For most businesses, the end of the year can be hectic. Employees who scramble to use their vacation time during the holidays can leave businesses short-handed. As a result, it can create a scheduling headache as employers try to balance worker requests for time off with the need to stay adequately staffed.
So how do employers deal with holiday scheduling? Here are five time-tested guidelines for preparing a holiday work schedule. Follow these so you’re not left with an empty office or a group of disgruntled employees:
1. Lay Down the Ground Rules Well in Advance
Before anything else, clearly spell out holiday work requirements and scheduling practices. Put the holiday policy in writing and ensure every employee reads and understands it. Doing so will avoid many problems. Publish reminders every six months before peak vacation-request times and consider posting a schedule showing who is taking what time off.
2. Specify Blackout Dates
The hard truth is there are some businesses, particularly in the health care, safety, and retail sectors, whose employees have to work while others are home with their families. Conflict can usually be avoided by communicating such issues at the time of hiring and providing regular reminders.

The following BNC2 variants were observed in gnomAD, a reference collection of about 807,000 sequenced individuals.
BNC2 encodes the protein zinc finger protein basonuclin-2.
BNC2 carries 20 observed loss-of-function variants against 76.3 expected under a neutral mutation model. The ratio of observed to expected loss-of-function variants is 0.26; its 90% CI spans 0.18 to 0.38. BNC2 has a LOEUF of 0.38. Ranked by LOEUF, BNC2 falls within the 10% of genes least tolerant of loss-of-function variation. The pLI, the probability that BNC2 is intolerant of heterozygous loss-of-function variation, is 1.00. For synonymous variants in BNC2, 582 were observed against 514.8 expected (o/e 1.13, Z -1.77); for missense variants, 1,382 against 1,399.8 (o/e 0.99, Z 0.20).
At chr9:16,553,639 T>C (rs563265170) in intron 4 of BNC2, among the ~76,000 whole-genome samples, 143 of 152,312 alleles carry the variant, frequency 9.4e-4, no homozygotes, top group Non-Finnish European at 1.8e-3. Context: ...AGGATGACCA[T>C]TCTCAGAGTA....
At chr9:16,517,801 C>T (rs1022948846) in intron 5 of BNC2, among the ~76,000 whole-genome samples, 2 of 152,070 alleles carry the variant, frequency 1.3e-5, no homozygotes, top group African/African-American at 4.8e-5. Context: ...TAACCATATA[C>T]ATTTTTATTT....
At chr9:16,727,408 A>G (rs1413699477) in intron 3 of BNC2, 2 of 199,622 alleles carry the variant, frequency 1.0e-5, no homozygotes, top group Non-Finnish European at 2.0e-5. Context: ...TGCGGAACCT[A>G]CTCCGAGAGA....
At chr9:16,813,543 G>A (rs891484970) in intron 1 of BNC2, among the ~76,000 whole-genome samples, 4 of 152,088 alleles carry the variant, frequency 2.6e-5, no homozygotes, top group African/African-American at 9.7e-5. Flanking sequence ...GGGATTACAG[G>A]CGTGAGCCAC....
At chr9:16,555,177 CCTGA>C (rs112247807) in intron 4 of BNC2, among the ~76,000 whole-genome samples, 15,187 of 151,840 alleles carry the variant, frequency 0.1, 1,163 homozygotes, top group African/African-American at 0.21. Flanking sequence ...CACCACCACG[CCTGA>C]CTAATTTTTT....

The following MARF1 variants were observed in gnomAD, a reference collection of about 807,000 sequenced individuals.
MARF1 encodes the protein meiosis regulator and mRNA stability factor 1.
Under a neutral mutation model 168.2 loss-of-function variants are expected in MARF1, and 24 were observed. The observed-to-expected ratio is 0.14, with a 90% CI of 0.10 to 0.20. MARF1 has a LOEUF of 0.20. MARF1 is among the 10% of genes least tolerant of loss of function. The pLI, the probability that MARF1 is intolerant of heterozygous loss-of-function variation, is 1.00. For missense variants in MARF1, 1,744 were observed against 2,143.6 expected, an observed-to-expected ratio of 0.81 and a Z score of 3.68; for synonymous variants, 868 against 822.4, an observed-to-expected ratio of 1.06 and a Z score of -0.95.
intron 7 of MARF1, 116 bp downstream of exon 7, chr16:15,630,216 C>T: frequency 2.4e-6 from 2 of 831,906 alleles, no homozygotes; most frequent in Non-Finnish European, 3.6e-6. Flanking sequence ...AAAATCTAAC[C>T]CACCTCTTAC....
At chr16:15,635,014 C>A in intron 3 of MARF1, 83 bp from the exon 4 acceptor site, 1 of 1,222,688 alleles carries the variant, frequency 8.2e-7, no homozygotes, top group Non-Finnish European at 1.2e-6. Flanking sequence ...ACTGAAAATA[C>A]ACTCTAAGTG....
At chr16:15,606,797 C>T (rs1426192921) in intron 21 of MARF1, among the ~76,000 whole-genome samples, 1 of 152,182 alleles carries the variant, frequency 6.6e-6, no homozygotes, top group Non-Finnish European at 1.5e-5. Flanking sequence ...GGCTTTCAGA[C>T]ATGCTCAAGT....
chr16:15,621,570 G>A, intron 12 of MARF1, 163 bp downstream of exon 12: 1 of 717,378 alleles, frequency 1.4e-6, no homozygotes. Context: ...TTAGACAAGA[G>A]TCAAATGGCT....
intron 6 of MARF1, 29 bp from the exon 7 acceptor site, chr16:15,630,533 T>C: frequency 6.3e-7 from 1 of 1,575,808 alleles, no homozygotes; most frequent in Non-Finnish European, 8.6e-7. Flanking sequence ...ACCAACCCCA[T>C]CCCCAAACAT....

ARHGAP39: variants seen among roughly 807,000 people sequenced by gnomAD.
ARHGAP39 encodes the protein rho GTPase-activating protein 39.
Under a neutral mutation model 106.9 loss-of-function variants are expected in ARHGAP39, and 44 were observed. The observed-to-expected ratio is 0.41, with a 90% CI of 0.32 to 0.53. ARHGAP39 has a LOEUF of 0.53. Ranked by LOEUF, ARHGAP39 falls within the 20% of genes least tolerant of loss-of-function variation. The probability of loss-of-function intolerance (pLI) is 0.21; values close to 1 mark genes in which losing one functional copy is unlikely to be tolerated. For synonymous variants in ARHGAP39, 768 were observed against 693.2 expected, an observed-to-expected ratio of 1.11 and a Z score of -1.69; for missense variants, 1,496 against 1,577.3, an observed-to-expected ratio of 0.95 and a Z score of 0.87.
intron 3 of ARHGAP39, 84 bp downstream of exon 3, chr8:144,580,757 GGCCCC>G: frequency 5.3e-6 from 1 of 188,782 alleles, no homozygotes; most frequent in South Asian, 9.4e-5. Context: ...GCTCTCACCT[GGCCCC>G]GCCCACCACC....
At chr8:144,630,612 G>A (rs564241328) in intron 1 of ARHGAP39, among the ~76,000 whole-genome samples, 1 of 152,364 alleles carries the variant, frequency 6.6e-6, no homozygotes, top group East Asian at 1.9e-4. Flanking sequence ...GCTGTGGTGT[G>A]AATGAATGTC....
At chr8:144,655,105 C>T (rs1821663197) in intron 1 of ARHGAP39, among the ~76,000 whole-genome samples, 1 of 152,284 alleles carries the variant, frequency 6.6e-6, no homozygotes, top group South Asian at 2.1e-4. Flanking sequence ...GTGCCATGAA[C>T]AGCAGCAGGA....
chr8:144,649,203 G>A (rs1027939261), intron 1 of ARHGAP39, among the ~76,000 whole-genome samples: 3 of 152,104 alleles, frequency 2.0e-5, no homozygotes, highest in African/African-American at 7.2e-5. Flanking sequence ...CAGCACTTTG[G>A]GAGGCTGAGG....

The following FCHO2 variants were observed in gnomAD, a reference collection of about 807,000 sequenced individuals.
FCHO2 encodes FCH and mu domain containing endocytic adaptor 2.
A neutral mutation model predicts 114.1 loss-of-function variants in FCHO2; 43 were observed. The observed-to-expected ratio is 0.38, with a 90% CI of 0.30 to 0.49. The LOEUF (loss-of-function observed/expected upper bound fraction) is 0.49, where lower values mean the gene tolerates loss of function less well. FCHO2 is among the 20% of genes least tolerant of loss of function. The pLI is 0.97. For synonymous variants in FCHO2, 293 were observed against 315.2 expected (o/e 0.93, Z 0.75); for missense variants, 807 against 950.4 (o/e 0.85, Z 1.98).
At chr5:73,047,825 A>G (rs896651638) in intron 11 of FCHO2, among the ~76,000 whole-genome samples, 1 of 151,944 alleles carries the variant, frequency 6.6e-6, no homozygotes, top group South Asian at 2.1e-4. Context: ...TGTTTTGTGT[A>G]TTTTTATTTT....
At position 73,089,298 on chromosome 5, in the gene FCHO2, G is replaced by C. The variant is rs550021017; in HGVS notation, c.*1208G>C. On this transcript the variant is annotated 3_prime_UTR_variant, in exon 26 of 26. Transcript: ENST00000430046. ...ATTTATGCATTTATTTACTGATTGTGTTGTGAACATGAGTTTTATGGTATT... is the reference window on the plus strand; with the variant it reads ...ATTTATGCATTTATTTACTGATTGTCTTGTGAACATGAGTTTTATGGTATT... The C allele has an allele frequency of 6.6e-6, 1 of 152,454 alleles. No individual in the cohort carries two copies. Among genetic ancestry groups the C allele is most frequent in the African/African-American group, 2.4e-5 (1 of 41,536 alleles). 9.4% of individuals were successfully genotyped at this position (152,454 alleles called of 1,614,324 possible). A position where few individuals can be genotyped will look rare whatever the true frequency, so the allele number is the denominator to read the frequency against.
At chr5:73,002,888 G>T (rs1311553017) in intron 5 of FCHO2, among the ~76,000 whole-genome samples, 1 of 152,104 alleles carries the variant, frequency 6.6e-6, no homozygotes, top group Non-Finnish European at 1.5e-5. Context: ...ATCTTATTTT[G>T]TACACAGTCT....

3. Plan for Conflict
It is inevitable that conflicts will arise if the number of employees requesting vacation exceeds the minimum coverage threshold. To avoid hurt feelings, it is important that you establish an equitable process for resolving such matters.
4. Consider a Compressed Workweek
Instead of scheduling five eight-hour days, give employees the option of working four 10-hour days. This will free up extra time for staff to enjoy the holidays. If you can spare it, particularly if most of your clients tend to clear out at the end of the year, you may want to consider closing for a week. Chances are your clients won’t miss you, but you should have someone on call just in case.
5. Respect Diversity
Although Christmas tends to get the most attention, many religions have some form of year-end celebration. Your vacation policies should accommodate diverse religious beliefs.
It is important that you take a positive approach whenever discussing the time-off policy with employees. Emphasize the consideration that went into establishing a system that is both fair and functional. Remember that you are dealing with people and there are no absolutes. Everyone on your staff will have to be flexible.